Two new reports have highlighted the artificial nature of the food we consume in the name of convenience.
Almost 70 percent of the packaged foods in our supermarkets are classed as ultra-processed - and in some food categories, nearly all products are.
They're high in salt, sugar, artificial flavours and colours, ingredients with numbers, not names; and often the methods used to produce them resemble nothing you'd do in your kitchen.
According to Consumer NZ, they're the latest nutritional baddie on the block.
Excess sodium consumption, in particular, is the top risk factor for an unhealthy diet, and the World Health Organisation says 1.8 million lives every year are claimed because of it. It is responsible for heart disease and strokes, and cancer - especially gastric cancer. New research suggests it also hastens dementia.
And according to a new WHO report, New Zealand has made little progress on the issue, despite signing up to a promise in 2013 to use policy measures to reduce the nation's salt intake by 30 percent. New Zealanders consume more than 70 percent more than the recommended maximum.
Our government is supposed to be nudging food manufacturers to change the formulations of their products and reduce sodium. But the WHO has given us a ranking of just two out of four in reaching that aim. Australia, a country with which we share food standards, also gets a two.
Consumer NZ research and test writer Belinda Castles says it's time the government stood up on the issue and put the health of New Zealanders first.
And that means standing up to the food lobby.
"There's been a lot of consultations recently with Food Standards Australia New Zealand," says Castles.
"Public health groups, consumer groups...we're really small, we don't have a lot of resources, so we're constantly battling with the food industry, which has obviously a lot more resources...it's pretty tough."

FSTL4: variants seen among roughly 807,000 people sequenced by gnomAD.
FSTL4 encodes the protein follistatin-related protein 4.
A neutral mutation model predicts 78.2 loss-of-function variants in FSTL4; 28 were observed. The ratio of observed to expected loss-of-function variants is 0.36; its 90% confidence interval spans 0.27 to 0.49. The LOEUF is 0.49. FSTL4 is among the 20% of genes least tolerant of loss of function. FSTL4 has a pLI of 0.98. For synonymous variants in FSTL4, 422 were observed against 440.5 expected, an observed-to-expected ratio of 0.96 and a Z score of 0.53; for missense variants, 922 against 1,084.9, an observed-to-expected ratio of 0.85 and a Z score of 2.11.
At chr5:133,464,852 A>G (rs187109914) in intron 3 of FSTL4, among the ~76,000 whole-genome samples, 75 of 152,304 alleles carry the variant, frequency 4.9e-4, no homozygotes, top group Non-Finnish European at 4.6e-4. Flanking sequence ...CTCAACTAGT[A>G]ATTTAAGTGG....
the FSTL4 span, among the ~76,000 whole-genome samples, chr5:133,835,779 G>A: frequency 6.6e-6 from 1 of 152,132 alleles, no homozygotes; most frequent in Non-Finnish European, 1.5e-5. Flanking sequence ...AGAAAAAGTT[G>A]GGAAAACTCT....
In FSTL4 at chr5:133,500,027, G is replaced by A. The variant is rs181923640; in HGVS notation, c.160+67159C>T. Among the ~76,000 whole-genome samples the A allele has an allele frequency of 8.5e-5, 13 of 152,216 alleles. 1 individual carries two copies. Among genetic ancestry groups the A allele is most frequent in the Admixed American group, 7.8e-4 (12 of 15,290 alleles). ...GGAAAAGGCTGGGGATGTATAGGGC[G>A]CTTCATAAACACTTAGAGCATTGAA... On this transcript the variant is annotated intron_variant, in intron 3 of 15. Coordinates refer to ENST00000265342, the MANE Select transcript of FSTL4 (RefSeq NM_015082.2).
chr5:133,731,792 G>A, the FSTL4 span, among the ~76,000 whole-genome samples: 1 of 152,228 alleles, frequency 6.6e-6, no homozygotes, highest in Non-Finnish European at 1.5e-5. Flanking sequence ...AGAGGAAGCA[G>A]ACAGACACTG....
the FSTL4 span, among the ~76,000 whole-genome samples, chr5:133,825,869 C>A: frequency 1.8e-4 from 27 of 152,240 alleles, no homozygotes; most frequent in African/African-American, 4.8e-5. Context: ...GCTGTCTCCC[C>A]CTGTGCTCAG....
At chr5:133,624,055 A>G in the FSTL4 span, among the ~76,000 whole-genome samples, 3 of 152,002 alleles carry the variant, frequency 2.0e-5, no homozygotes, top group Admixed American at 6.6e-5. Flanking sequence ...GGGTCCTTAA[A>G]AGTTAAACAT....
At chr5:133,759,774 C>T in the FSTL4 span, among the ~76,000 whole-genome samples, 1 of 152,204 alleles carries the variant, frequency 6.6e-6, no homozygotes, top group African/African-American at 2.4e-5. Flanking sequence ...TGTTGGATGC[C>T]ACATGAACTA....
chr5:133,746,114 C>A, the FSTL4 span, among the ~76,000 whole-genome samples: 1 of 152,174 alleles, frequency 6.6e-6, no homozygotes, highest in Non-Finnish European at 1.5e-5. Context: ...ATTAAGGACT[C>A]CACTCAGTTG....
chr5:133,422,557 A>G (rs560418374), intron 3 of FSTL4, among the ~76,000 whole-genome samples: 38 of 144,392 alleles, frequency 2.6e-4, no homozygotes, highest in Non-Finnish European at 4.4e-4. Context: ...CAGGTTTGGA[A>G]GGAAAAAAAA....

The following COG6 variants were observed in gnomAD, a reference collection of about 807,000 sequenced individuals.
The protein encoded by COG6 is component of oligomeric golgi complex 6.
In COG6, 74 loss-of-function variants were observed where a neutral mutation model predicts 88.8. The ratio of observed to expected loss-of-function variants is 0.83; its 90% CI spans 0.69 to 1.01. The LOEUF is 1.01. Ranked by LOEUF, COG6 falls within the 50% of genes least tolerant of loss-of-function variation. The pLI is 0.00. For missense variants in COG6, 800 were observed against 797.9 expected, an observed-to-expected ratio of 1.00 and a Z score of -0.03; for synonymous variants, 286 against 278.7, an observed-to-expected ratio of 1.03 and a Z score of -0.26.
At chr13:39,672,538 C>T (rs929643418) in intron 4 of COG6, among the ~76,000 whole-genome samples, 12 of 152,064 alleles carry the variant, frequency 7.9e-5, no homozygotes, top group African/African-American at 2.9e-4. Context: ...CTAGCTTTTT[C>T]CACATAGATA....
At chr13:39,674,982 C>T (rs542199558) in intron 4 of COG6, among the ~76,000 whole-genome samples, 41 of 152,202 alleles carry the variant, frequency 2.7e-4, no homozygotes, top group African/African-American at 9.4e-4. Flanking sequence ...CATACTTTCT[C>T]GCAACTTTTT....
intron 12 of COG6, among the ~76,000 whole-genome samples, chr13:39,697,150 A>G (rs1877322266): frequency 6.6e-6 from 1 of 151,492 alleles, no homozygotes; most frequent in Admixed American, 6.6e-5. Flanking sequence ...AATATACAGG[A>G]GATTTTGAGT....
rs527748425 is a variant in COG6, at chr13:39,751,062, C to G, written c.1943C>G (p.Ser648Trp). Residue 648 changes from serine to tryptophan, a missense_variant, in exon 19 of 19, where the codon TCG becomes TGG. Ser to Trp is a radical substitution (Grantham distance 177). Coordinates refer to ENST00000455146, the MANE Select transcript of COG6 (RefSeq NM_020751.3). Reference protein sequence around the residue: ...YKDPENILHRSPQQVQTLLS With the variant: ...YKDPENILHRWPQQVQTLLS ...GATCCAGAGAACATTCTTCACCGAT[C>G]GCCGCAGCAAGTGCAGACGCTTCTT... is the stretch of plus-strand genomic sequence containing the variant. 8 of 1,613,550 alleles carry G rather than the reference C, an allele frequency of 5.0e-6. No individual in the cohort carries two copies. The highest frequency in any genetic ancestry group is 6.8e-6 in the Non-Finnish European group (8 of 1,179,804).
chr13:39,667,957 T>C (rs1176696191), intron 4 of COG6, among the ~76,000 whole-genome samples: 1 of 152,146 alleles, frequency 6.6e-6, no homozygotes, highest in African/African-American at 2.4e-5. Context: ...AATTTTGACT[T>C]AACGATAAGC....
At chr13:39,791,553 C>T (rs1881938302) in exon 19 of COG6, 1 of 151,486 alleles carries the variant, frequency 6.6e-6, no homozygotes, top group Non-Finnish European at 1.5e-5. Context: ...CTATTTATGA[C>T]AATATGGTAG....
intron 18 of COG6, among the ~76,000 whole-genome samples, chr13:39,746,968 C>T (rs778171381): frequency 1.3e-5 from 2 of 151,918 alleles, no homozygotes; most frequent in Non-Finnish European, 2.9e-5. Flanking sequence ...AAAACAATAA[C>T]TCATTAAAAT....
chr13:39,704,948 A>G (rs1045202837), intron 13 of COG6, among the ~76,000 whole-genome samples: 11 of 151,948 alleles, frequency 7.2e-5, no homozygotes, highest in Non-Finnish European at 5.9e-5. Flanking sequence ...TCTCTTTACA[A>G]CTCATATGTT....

She says research is really starting to highlight that it's not just what's in a product, but how processed it is, that determines how bad it is when it comes to our health.
Because they also tend to come with multiple layers of packaging, they're also not great for the environment - there's also evidence they're addictive, and easy to over-eat.
"And ultra-processed foods do tend to be heavily marketed, especially to children," she says.
"You've got your brightly coloured cereal packets with cartoons and games on the back; you've got your lunchbox snacks which might have some collectables...really this marketing of junk food to children, we'd like to see some regulations."
Associate professor Rachael McLean, a public health physician at Otago University, says it's all very well pointy-headed academics saying 'oh you've got to stop eating chicken nuggets and pre-prepared meals and pre-prepared sauces', but that's not the way people live their lives.
"People are busy, people are on low incomes, people have children that are either fussy eaters or are rushing out to football or various other things.
"The reality is that processed foods are part of our food supply, they're part of the way a lot of people eat - and we're not going to succeed if we tell everyone to cook everything from scratch and eat fresh fruit and vegetables three times a day. So we need to make sure they're as nutritious and safe as they possibly can be.
"That's where the government needs to take a lead in requiring the food industry to reformulate their products."
Hear more about these viewpoints in the full podcast episode.
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